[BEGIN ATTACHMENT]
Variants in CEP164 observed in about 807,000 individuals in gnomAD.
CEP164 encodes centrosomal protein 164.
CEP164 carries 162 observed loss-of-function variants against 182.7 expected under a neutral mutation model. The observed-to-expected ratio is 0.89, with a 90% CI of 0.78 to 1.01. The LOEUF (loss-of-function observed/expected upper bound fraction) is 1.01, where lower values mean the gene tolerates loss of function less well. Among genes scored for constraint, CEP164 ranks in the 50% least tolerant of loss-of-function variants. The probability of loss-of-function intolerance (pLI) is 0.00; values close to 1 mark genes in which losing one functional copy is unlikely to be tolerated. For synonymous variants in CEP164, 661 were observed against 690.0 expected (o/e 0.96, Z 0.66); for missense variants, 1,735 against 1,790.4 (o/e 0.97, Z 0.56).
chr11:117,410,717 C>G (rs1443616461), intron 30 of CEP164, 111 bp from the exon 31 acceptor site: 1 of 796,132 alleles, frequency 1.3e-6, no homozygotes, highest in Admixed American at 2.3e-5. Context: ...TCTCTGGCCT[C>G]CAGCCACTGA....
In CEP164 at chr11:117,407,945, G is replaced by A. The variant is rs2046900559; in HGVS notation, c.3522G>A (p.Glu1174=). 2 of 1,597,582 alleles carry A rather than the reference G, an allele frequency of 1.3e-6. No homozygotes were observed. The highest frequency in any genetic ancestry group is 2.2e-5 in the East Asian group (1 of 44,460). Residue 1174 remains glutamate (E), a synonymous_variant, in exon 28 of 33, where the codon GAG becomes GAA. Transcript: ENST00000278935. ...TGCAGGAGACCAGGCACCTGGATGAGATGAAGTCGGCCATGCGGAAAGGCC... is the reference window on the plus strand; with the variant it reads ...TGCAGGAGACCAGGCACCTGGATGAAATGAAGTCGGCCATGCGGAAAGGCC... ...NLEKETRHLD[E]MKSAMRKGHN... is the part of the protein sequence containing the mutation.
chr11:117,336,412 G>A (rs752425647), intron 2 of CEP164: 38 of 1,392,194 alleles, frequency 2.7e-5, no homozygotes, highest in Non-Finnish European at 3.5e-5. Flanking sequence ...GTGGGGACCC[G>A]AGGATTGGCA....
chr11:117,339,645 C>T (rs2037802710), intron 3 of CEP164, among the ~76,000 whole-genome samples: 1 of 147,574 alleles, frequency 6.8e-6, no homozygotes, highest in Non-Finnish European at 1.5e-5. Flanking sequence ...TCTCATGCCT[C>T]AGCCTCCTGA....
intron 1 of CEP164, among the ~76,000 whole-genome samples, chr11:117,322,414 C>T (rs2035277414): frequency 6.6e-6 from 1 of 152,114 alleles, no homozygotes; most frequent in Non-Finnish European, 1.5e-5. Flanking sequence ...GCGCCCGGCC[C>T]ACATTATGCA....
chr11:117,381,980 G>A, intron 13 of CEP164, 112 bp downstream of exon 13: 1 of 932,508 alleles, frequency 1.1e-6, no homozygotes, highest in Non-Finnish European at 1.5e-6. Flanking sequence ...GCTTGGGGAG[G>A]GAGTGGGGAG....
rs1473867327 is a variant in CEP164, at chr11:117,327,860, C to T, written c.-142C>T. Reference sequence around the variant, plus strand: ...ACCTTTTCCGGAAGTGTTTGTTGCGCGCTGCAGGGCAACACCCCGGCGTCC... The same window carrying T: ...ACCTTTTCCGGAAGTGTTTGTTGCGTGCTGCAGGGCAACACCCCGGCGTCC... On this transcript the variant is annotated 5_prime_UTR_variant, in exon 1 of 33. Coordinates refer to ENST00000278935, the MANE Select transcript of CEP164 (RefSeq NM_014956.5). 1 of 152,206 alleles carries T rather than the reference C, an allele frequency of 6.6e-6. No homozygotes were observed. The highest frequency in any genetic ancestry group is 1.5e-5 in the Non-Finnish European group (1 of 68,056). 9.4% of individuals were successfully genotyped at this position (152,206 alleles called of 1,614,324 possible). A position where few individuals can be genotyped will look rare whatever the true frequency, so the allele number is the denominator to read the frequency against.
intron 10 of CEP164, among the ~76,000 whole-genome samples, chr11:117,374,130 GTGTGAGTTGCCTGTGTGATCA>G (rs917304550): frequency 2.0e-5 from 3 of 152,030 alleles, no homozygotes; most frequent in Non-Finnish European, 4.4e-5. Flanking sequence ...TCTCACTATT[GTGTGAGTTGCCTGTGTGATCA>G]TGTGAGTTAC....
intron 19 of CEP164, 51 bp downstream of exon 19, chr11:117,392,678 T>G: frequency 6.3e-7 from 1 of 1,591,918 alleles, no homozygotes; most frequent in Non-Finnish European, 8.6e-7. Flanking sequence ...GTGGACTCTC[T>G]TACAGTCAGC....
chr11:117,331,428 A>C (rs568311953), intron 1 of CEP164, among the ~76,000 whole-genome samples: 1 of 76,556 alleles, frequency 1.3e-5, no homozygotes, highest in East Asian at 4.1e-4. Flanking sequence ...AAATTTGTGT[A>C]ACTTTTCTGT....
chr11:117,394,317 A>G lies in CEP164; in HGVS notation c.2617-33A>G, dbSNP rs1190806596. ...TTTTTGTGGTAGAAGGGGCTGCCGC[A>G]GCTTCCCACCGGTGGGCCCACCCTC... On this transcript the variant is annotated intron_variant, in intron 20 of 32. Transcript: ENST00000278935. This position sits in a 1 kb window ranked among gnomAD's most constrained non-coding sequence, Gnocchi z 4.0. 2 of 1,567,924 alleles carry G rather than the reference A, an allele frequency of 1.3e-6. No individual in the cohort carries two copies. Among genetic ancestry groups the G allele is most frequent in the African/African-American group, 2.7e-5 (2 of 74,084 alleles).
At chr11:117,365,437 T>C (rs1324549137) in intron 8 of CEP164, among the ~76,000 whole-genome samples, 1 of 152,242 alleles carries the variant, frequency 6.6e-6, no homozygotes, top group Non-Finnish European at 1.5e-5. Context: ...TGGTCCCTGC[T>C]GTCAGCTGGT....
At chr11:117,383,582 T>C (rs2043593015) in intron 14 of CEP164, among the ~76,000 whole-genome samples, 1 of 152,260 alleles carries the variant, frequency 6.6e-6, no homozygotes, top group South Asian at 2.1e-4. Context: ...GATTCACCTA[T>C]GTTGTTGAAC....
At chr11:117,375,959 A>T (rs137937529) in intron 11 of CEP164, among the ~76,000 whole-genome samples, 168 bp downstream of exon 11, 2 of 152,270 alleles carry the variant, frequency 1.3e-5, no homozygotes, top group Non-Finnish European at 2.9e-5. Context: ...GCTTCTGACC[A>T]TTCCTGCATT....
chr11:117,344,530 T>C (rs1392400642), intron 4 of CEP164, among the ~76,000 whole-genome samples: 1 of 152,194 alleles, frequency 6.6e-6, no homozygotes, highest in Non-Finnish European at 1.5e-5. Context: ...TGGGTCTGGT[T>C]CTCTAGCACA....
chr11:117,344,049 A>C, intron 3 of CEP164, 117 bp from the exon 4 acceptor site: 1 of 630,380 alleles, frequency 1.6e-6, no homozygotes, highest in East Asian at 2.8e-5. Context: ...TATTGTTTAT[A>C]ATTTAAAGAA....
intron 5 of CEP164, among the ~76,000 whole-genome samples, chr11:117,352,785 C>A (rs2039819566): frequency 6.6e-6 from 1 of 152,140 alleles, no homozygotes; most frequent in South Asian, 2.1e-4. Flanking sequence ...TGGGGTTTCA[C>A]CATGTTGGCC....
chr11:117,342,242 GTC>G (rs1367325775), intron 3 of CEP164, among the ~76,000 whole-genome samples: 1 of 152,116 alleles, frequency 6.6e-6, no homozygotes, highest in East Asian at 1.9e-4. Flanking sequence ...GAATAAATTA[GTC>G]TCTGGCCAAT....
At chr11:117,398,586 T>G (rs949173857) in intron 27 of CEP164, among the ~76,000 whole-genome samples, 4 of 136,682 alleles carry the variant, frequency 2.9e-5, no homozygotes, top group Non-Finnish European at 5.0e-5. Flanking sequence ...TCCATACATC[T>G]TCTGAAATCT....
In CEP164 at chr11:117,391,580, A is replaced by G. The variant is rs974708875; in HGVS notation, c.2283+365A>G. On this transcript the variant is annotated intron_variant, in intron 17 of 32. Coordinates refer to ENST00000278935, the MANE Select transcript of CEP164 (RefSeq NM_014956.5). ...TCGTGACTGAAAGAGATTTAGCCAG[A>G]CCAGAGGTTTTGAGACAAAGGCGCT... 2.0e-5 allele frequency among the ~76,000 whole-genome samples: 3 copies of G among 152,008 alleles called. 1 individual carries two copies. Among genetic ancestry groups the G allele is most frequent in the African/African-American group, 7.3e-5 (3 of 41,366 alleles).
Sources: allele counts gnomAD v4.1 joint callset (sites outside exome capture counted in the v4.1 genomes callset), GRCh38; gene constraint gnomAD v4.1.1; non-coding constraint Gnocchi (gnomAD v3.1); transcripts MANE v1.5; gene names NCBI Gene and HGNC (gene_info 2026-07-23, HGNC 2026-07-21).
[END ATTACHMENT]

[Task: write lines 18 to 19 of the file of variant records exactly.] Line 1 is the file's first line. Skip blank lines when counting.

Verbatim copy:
chr11:117,344,530 T>C (rs1392400642), intron 4 of CEP164, among the ~76,000 whole-genome samples: 1 of 152,194 alleles, frequency 6.6e-6, no homozygotes, highest in Non-Finnish European at 1.5e-5. Context: ...TGGGTCTGGT[T>C]CTCTAGCACA....
chr11:117,344,049 A>C, intron 3 of CEP164, 117 bp from the exon 4 acceptor site: 1 of 630,380 alleles, frequency 1.6e-6, no homozygotes, highest in East Asian at 2.8e-5. Context: ...TATTGTTTAT[A>C]ATTTAAAGAA....